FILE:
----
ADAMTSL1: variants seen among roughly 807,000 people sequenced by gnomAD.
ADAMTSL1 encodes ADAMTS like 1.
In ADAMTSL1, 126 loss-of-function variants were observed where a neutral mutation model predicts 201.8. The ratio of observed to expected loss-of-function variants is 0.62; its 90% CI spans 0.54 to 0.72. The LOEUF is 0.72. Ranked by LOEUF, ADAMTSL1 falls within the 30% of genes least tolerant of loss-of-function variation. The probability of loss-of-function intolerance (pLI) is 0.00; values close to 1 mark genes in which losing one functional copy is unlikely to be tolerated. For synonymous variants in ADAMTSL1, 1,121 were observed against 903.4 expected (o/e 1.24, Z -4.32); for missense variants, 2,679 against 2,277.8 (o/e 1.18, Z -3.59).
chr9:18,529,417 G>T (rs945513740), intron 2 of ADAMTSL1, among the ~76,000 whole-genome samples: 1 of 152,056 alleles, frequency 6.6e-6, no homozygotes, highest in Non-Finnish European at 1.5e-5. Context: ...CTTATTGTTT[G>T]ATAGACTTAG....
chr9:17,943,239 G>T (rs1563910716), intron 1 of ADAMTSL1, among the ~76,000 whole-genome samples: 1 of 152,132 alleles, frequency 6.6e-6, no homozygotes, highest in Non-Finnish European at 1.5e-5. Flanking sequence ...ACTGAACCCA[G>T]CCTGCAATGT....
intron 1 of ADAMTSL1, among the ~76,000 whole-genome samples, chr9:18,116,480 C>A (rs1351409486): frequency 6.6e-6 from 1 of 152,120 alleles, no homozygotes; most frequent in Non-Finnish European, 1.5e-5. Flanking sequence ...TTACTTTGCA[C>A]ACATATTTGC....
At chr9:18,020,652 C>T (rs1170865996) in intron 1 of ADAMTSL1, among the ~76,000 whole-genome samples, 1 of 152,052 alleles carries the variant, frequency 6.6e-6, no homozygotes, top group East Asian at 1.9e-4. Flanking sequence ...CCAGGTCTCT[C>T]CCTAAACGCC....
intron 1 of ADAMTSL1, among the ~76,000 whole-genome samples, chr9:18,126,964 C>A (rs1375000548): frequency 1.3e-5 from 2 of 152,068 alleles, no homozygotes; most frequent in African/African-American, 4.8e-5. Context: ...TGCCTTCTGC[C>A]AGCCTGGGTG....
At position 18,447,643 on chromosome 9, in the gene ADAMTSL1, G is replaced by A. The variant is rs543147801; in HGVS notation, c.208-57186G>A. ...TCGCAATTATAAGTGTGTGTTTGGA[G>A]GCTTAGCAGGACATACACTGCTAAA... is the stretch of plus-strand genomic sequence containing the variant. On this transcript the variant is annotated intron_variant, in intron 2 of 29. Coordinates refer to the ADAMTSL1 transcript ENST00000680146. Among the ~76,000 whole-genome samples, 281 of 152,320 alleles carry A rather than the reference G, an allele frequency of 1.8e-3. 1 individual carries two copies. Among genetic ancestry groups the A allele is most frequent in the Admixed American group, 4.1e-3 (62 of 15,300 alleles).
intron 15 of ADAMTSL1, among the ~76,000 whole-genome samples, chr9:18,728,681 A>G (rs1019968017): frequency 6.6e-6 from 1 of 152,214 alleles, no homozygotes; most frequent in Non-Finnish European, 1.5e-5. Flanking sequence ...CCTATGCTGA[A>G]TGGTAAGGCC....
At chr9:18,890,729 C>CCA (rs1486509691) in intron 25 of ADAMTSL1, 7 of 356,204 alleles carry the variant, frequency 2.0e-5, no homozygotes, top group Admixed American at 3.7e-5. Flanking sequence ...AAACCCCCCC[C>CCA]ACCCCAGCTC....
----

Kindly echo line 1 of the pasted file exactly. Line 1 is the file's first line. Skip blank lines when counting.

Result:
ADAMTSL1: variants seen among roughly 807,000 people sequenced by gnomAD.